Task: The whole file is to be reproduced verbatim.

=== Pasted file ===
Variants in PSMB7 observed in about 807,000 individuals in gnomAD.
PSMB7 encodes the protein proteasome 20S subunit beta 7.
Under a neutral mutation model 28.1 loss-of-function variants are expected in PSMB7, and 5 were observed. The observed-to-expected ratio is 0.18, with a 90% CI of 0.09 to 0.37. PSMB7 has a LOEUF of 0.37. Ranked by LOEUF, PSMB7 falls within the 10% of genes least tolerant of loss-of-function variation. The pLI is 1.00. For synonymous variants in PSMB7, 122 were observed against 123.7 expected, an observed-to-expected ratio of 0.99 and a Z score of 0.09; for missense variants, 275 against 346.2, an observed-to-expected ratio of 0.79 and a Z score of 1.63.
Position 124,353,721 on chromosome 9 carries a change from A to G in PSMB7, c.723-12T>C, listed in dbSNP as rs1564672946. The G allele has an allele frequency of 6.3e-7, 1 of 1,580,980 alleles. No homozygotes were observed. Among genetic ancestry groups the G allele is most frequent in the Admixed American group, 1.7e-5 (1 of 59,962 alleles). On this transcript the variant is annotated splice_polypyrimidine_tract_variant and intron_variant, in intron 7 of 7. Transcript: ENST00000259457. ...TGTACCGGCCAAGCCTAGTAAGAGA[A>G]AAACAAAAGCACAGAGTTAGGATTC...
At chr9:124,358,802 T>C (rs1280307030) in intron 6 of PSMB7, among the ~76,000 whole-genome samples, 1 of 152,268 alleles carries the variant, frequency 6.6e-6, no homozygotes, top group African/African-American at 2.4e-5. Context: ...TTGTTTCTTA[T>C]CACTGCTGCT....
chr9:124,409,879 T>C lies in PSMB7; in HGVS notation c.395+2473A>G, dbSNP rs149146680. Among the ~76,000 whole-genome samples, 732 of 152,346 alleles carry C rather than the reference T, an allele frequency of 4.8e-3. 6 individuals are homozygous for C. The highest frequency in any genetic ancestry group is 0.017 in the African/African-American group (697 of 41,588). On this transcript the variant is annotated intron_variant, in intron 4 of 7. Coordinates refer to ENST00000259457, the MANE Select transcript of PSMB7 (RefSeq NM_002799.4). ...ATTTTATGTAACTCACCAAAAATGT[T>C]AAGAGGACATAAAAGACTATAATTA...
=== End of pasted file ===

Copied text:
Variants in PSMB7 observed in about 807,000 individuals in gnomAD.
PSMB7 encodes the protein proteasome 20S subunit beta 7.
Under a neutral mutation model 28.1 loss-of-function variants are expected in PSMB7, and 5 were observed. The observed-to-expected ratio is 0.18, with a 90% CI of 0.09 to 0.37. PSMB7 has a LOEUF of 0.37. Ranked by LOEUF, PSMB7 falls within the 10% of genes least tolerant of loss-of-function variation. The pLI is 1.00. For synonymous variants in PSMB7, 122 were observed against 123.7 expected, an observed-to-expected ratio of 0.99 and a Z score of 0.09; for missense variants, 275 against 346.2, an observed-to-expected ratio of 0.79 and a Z score of 1.63.
Position 124,353,721 on chromosome 9 carries a change from A to G in PSMB7, c.723-12T>C, listed in dbSNP as rs1564672946. The G allele has an allele frequency of 6.3e-7, 1 of 1,580,980 alleles. No homozygotes were observed. Among genetic ancestry groups the G allele is most frequent in the Admixed American group, 1.7e-5 (1 of 59,962 alleles). On this transcript the variant is annotated splice_polypyrimidine_tract_variant and intron_variant, in intron 7 of 7. Transcript: ENST00000259457. ...TGTACCGGCCAAGCCTAGTAAGAGA[A>G]AAACAAAAGCACAGAGTTAGGATTC...
At chr9:124,358,802 T>C (rs1280307030) in intron 6 of PSMB7, among the ~76,000 whole-genome samples, 1 of 152,268 alleles carries the variant, frequency 6.6e-6, no homozygotes, top group African/African-American at 2.4e-5. Context: ...TTGTTTCTTA[T>C]CACTGCTGCT....
chr9:124,409,879 T>C lies in PSMB7; in HGVS notation c.395+2473A>G, dbSNP rs149146680. Among the ~76,000 whole-genome samples, 732 of 152,346 alleles carry C rather than the reference T, an allele frequency of 4.8e-3. 6 individuals are homozygous for C. The highest frequency in any genetic ancestry group is 0.017 in the African/African-American group (697 of 41,588). On this transcript the variant is annotated intron_variant, in intron 4 of 7. Coordinates refer to ENST00000259457, the MANE Select transcript of PSMB7 (RefSeq NM_002799.4). ...ATTTTATGTAACTCACCAAAAATGT[T>C]AAGAGGACATAAAAGACTATAATTA...